Wednesday, April 10, 2013

A Sincere Thank You And A Follow Up Comment …

I had planned to write a longer post today, but, alas, it was not to be. After a fairly hectic work day, the wife and kids and I went to the local school district’s annual spring choral festival where our fifth grader, Claire, performed – and, along the way, ran into all-around badass and fellow ABL-er, Emily Hauser – and so, the long post didn’t happen.
Still, at the very least I had to spend a few minutes to express my sincere gratitude for all the wonderful and supportive comments I received after yesterday’s post on the twenty-second anniversary of my brother John’s suicide. The world of social media can be an unsavory place. I know this because I’ve been unsavory myself – usually, in circumstances where unsavory-ness was warranted, I think – but it’s also a place where, if you surround yourself with the right people, really gratifying things happen. To-wit: The outpouring of kind words I’ve been the unworthy beneficiary of since yesterday’s post.
All I can say is, thank you. It really means a lot to me.
And one other thing. Among the kind words I received was this comment on yesterday’s post:
I am sorry for your loss, but I do honor your brother’s choice. Those of us who choose suicide, or have seriously contemplated it, don’t choose that path in an effort to hurt someone else (typically). We view it as a viable alternative for ending a life that has become unbearable to us. In that respect, it has nothing to do with the others in our lives. Does that make sense?
I apologize to the commenter for addressing it in a more public fashion, but I think it requires more than a passing reply. First, and most importantly, I want to say: Thank you for the condolences. Secondly, I think I understand what you mean and I would never pass judgment on anyone for honestly expressing their views on the subject. And, of course, I understand the desire for personal autonomy in all circumstances.
Here’s the thing, though. I suspect in many cases, the choice to end one’s life is not really all that voluntary. In some instances, of course, suicide nothing more or less than a rash, spur-of-the-moment impulse. The pain is so severe a person just acts. I don’t think, in that situation, it’s really an affirmative choice at all.
Obviously, that’s not always the case. Out of respect for my brother, I won’t go into details, but there are a number of reasons why I believe he contemplated it for a long time before he took the final act. He struggled with his mental illness for years, so I don’t want to suggest he just “gave up.” (That, by the way, is the most pernicious bunch of bullshit you’ll ever hear: that people who commit suicide just “give up.” Fuck a whole bunch of that). But I do think that he saw it as an out, if and when it got to the point where he believed his problems to be unfixable. It was an option that he always viewed as, I guess, available.
Still, I don’t know that it’s ever a fully rational, and therefore fully voluntary, choice. I think the disease takes over, makes you think it’s a rational, voluntary choice … but, of course, you might feel completely differently the next day, the next month, the next year. And yeah, I know it’s trite to say so, but if you make that choice today, you never get a do-over.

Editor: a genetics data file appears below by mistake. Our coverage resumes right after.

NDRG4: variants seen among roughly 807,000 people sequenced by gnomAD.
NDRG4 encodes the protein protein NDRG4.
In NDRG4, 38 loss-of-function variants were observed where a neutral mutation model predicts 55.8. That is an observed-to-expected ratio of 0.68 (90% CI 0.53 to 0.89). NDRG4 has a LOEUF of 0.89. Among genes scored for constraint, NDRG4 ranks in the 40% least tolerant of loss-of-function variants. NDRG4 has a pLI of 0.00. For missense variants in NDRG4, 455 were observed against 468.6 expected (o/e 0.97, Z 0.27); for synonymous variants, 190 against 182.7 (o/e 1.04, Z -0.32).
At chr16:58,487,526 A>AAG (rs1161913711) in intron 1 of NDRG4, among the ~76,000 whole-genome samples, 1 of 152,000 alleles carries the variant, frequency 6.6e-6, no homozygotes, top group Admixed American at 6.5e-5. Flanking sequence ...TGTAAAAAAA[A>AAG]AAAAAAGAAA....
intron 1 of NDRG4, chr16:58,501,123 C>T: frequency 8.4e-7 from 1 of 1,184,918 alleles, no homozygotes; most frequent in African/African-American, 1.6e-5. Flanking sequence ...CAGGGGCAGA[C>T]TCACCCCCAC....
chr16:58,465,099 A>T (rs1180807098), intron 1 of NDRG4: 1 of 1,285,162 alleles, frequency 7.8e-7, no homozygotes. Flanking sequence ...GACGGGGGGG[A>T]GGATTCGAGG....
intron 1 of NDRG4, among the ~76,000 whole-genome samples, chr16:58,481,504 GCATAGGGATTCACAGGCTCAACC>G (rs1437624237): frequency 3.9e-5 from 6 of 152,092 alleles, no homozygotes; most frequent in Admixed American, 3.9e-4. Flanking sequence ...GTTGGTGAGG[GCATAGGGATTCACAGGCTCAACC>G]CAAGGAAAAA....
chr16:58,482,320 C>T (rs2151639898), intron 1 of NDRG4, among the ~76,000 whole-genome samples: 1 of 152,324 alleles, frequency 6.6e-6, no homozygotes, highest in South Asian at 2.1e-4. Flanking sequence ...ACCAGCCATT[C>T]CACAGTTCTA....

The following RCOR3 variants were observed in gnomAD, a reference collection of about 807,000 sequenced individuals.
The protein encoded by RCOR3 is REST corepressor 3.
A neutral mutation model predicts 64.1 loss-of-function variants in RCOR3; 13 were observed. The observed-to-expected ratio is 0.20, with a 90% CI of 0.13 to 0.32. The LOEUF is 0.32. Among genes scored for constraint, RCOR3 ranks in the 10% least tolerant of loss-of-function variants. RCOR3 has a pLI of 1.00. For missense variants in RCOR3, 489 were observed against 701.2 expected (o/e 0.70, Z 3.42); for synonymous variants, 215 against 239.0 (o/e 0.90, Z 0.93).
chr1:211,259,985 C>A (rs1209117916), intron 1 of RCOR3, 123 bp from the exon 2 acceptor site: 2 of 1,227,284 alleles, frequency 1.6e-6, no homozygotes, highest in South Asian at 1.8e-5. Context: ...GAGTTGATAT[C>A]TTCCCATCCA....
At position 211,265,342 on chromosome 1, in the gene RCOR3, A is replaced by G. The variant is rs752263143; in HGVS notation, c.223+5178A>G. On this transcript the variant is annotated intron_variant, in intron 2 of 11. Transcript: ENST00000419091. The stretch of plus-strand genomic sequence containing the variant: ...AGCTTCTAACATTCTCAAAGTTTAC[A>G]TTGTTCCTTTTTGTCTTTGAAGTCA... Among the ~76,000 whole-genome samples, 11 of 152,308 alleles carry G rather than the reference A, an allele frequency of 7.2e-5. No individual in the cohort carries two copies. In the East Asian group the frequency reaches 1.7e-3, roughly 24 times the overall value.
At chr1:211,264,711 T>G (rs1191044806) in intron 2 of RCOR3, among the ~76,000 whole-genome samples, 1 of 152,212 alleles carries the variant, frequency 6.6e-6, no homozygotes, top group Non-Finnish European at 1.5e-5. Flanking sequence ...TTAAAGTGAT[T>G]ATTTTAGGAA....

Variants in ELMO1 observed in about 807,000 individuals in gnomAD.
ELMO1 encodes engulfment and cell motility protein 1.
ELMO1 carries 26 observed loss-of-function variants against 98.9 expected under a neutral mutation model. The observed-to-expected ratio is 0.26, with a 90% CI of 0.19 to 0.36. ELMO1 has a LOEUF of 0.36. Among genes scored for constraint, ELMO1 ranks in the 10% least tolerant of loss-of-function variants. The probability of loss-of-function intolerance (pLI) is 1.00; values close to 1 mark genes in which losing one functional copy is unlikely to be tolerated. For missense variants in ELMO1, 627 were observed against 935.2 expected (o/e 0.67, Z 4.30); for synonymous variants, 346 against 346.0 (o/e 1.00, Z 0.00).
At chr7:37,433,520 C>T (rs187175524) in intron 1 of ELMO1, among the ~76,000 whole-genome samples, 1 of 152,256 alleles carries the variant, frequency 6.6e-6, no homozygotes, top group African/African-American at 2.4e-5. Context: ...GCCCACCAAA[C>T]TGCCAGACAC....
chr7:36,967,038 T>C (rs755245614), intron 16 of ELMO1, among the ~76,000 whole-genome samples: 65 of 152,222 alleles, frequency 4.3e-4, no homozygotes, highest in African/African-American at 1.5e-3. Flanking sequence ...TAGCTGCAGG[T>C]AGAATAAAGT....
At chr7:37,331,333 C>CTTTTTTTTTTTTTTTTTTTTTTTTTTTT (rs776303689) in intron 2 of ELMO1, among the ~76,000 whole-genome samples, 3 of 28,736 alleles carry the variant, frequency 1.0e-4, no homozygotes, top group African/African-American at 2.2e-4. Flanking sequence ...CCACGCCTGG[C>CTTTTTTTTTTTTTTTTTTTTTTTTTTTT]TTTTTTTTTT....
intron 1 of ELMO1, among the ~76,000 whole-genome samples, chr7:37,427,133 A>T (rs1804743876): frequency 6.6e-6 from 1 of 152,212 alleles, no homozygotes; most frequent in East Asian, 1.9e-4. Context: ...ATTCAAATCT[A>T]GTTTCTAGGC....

As an aside, there’s a fascinating, painful, and very prophetic discussion of this very issue in David Foster Wallace’s Infinite Jest. I can’t go back and find the chapter and verse right now, but it involves a character named Kate Gompert, who’s trying to explain to a young resident who’s doing a psych ward rotation that her unsuccessful attempt to commit suicide wasn’t motivated by a desire to hurt herself, but by a desire to stop hurting. Well do I understand that feeling. I bet most of us do. But for most of us, that feeling stops at some point. Usually, anyway.
In any event, in the book, Kate Gompert ends up not killing herself, while in real life, David Foster Wallace eventually did. There’s a lesson in there somewhere; I just haven’t figured out what it is.
Finally, I agree with the commenter that people who take their own lives generally aren’t looking to hurt anyone else. That, too, is a misconception that people have. That the effect on everybody else even factors into the equation. It doesn’t; or if it does, it factors in this way: The person actually believes that his or her friends and family will be better off without him or her. Again, that’s the disease talking.
I never bore any animosity towards my brother. I never even felt angry at him. I expected to. Anger seems like a fairly reasonable reaction to a brother’s suicide, if you ask me. So I waited for the anger to come, but it never came. What did come was this: Wave after wave of terrible, aching sadness. A hole in my heart. A piece of me gone that I’ll never get back.
I can’t tell anybody else what to do. I can say, though, that there are resources available for anyone who’s enduring that kind of suffering and wants it to stop. Please, if you are in that position, contact the American Foundation for Suicide Prevention, or call 1-800-273-TALK (8255). They can help.
[Cross-posted at Angry Black Lady Chronicles]

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